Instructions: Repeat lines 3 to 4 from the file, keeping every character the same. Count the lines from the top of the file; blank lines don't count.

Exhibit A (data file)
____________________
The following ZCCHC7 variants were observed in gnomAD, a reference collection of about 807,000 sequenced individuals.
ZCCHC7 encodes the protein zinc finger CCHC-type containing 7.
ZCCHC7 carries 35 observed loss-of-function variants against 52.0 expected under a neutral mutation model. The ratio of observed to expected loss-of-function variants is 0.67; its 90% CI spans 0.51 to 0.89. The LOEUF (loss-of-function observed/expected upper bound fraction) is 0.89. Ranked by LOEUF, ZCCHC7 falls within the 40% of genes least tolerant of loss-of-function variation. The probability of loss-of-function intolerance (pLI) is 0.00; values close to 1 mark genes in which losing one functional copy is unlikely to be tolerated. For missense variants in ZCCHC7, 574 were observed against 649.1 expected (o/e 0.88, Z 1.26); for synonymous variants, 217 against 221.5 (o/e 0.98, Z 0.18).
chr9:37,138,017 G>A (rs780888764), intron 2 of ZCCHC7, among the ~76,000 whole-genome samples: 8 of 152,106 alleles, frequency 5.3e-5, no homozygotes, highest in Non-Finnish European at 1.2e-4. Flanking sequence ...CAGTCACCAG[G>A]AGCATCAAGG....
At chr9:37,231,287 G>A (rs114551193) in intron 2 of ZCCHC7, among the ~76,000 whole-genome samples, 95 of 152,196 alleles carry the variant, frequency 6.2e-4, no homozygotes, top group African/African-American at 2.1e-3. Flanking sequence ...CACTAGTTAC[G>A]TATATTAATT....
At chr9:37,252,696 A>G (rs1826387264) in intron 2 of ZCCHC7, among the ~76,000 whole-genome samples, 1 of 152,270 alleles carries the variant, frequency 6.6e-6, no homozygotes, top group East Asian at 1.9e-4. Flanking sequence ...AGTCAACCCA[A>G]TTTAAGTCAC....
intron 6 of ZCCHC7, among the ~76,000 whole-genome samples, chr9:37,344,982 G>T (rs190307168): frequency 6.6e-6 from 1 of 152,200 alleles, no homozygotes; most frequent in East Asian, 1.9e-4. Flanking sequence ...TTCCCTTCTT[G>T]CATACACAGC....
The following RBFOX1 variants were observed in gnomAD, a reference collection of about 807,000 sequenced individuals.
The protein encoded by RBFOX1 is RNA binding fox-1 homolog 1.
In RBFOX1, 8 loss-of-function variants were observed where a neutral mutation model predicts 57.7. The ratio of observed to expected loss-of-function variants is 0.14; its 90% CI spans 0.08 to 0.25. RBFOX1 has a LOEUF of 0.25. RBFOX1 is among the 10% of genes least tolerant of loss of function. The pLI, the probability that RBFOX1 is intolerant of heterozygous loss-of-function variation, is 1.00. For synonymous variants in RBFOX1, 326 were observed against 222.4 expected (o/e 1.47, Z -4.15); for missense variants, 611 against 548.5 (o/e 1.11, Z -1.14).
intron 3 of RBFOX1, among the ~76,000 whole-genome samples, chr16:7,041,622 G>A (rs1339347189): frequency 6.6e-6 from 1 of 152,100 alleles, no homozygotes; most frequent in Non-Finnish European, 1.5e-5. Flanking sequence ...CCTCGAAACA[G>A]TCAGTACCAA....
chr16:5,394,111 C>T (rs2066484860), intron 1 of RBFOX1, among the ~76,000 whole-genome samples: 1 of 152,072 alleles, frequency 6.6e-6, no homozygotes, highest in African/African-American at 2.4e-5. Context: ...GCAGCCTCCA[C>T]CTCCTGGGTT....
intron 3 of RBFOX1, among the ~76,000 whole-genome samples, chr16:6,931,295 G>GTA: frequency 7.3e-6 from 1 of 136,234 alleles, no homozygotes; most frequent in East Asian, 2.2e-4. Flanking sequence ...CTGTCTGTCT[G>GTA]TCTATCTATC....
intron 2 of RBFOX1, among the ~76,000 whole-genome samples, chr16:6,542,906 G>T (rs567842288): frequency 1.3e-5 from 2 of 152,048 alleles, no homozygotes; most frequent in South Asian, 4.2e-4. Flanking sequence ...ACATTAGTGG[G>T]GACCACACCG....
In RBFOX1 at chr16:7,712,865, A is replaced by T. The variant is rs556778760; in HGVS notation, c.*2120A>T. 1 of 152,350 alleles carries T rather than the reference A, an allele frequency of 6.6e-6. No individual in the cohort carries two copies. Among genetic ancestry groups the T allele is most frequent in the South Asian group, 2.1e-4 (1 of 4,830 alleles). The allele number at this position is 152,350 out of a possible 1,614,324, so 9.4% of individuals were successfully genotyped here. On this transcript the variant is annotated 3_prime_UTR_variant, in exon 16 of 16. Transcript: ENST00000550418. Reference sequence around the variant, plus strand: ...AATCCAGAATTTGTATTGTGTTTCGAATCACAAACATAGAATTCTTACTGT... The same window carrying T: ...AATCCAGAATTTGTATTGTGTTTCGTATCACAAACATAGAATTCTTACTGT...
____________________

ZCCHC7 carries 35 observed loss-of-function variants against 52.0 expected under a neutral mutation model. The ratio of observed to expected loss-of-function variants is 0.67; its 90% CI spans 0.51 to 0.89. The LOEUF (loss-of-function observed/expected upper bound fraction) is 0.89. Ranked by LOEUF, ZCCHC7 falls within the 40% of genes least tolerant of loss-of-function variation. The probability of loss-of-function intolerance (pLI) is 0.00; values close to 1 mark genes in which losing one functional copy is unlikely to be tolerated. For missense variants in ZCCHC7, 574 were observed against 649.1 expected (o/e 0.88, Z 1.26); for synonymous variants, 217 against 221.5 (o/e 0.98, Z 0.18).
chr9:37,138,017 G>A (rs780888764), intron 2 of ZCCHC7, among the ~76,000 whole-genome samples: 8 of 152,106 alleles, frequency 5.3e-5, no homozygotes, highest in Non-Finnish European at 1.2e-4. Flanking sequence ...CAGTCACCAG[G>A]AGCATCAAGG....